4.2.3 Implementation Details

Our experiments are all conducted in JAX/Flax (Bradbury et al., 2018) using the open source T5X3
framework (Roberts et al., 2022) and Flaxformer4. We pre-train all models for 500K steps with a batch size of 128 and a sequence length of 512 inputs and 512 targets using the C4 corpus. The total approximate tokens seen during pre-training is approximately 32 billion tokens. Each pre-training run is typically trained using 64 to 128 TPUv4 chips (Jouppi et al., 2020). We optimize our model with the Adafactor (Shazeer & Stern, 2018) optimizer with an inverse square root learning rate. To understand the trade-off of different backbone architectures, we run all baseline pre-training objectives with both the decoder-only architecture and encoder-decoder architecture. We report key experiment results using a base architecture of approximately 167M parameters for the decoder model and 335M parameters for the encoder-decoder model. All models use a standard Transformer that uses SwiGLU layers as described in (Shazeer, 2020). We utilize the default T5

Table3: Relativeperformancecomparedtostandardencoder-decoderspancorruptionmodel(T5). Resultsin this table are expressed in terms of relative percentage improvements over a baseline. Model with ? denotes the main compared baseline. Overall score column is normalized to be weighted equally across tasks.

English 32K sentencepiece for all models. Within the context of decoder-only models, except for the case of the decoder model trained on causal LM, our experiments always use a bidirectional receptive field only in it’s input segment and autoregressive decoding at the targets segment. This is essentially the a PrefixLM-type architecture5 (Raffel et al., 2019) which we find to be consistently better than a full causal decoder model.

Table 4: Relative performance compared to standard decoder causal language model (GPT-like). Results in this table are expressed in terms of relative percentage improvements over a baseline. Model with ? denotes the main compared baseline. Overall score column is normalized to be weighted equally across tasks.

4.3 Overview of Ablative Experimental Results

Table 2 reports the raw results on all the benchmark tasks and datasets. To facilitate easier comparison across setups, we also report relative comparisons against well-established baselines such as T5 and GPT models. This is reported in Tables 3 and 4 respectively.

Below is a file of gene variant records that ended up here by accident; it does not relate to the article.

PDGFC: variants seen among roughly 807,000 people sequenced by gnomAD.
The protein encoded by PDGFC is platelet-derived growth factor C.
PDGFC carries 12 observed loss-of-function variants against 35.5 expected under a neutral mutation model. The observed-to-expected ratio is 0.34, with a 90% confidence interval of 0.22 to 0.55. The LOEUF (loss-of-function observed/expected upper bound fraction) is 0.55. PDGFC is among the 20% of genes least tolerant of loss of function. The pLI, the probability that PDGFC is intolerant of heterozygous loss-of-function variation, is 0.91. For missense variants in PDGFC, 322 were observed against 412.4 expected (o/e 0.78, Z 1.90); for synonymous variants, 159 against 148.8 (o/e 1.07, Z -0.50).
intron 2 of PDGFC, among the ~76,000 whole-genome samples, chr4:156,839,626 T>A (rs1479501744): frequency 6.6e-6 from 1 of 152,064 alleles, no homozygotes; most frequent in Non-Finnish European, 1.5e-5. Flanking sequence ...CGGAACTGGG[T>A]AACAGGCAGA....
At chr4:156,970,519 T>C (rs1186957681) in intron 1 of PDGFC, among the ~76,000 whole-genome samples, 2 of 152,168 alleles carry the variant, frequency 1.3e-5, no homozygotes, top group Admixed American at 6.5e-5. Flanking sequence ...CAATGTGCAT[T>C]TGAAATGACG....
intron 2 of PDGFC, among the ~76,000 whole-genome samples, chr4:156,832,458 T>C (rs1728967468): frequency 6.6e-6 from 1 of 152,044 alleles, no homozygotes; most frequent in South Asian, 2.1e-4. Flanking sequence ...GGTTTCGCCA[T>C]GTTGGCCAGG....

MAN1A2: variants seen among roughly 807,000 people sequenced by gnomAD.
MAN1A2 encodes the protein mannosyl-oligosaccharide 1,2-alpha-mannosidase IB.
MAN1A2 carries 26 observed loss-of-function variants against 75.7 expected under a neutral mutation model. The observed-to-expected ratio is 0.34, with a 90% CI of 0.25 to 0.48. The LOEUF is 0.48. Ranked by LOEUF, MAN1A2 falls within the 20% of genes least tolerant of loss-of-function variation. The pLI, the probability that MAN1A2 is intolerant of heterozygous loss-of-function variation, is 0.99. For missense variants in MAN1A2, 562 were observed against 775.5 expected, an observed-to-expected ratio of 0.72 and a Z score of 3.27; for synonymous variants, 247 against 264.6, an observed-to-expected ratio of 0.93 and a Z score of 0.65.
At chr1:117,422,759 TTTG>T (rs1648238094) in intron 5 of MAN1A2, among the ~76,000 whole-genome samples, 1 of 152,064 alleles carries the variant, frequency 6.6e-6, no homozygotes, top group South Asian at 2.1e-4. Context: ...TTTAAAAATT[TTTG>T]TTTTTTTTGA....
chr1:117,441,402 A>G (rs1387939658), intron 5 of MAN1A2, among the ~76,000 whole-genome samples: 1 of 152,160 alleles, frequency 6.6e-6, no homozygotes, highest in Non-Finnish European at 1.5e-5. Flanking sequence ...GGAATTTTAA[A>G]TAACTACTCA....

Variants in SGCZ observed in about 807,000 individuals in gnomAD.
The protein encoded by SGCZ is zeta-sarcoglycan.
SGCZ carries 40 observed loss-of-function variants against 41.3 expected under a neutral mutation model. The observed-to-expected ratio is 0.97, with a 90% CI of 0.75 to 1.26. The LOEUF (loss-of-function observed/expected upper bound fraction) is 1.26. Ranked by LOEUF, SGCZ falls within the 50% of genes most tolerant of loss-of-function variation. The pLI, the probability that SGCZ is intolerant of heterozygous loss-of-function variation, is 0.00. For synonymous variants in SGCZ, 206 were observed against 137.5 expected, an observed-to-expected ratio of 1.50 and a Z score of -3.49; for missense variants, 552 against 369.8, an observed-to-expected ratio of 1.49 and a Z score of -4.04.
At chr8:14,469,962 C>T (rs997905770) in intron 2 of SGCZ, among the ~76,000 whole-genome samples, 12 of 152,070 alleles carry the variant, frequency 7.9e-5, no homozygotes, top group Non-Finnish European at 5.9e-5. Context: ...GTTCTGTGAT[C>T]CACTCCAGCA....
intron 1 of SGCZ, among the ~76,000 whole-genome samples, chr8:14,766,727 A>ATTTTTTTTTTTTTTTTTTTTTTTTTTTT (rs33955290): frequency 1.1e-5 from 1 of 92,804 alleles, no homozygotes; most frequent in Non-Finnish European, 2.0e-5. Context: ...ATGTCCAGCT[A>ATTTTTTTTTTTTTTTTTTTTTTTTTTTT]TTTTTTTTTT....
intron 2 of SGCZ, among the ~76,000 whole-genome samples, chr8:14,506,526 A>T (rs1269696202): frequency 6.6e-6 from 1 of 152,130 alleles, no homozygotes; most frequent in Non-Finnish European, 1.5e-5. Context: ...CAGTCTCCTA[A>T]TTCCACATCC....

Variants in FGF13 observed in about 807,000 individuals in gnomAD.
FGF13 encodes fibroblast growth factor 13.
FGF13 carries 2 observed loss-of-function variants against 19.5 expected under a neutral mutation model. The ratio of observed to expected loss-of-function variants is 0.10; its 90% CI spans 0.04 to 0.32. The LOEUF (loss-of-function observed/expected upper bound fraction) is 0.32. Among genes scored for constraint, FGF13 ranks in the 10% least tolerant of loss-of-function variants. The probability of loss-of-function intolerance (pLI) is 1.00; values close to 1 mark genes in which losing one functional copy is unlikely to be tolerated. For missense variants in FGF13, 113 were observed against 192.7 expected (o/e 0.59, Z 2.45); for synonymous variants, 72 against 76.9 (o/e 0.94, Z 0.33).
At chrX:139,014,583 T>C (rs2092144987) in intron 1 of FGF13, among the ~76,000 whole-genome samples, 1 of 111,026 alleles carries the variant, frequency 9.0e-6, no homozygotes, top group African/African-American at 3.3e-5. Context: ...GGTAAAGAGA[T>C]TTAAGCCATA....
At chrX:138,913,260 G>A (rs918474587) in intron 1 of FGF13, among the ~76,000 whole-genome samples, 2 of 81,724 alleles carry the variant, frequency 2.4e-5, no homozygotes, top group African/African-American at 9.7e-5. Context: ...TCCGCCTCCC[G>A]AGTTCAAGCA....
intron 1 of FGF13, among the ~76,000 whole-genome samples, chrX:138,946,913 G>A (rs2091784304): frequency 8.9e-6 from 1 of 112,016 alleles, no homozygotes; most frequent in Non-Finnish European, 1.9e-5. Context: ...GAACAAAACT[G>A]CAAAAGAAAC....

4.3.1 Decoder Vs Encoder-Decoder

Before we dive into the results of this segment, we would like to remind readers that there is no easy way to compare decoder-only models with encoder-decoder models. In short, we can either compare them in a compute-matched setup or a parameter-matched way. Therefore, the encoder-decoder models in these set of results have approximately twice the number of parameters as the decoder models but have similar speeds.

We note that this may slightly favor encoder-decoders since this can be interpreted form of model sparsity. Moving back to the results, when using T5 as the reference baseline, we note that, with the exception of UL2 Decoder, none of the pre-trained decoders models outperform T5. Additionally, there is a 10% to 30% degradation in overall relative performance. The best decoder baseline model here is the Prefix-LM decoder model, which is about 10% worse than the T5 baseline. It is clear from these results that encoder-decoder models should be preferred over decoder-only models if and only if there is no concern about storage, i.e., parameter counts are generally less important than actual throughput (see (Dehghani et al., 2021a) for a detailed discussion).

When there is a parameter constraint, the Prefix-LM decoder makes for a suitable alternative. Finally, an interesting data point is how we were able to push the UL2 decoder to outperform the T5 encoder-decoder setup by +14:6%. That said, this UL2 decoder does not outperform our UL2 encoder-decoder. However, this reinforces our point that the self-supervision objective may be intrinsically more important than the backbone architecture and negotiating architectural choices is mainly about efficiency trade-offs that can be studied independently.

4.3.2 Is GPT and/or T5 the optimal setup?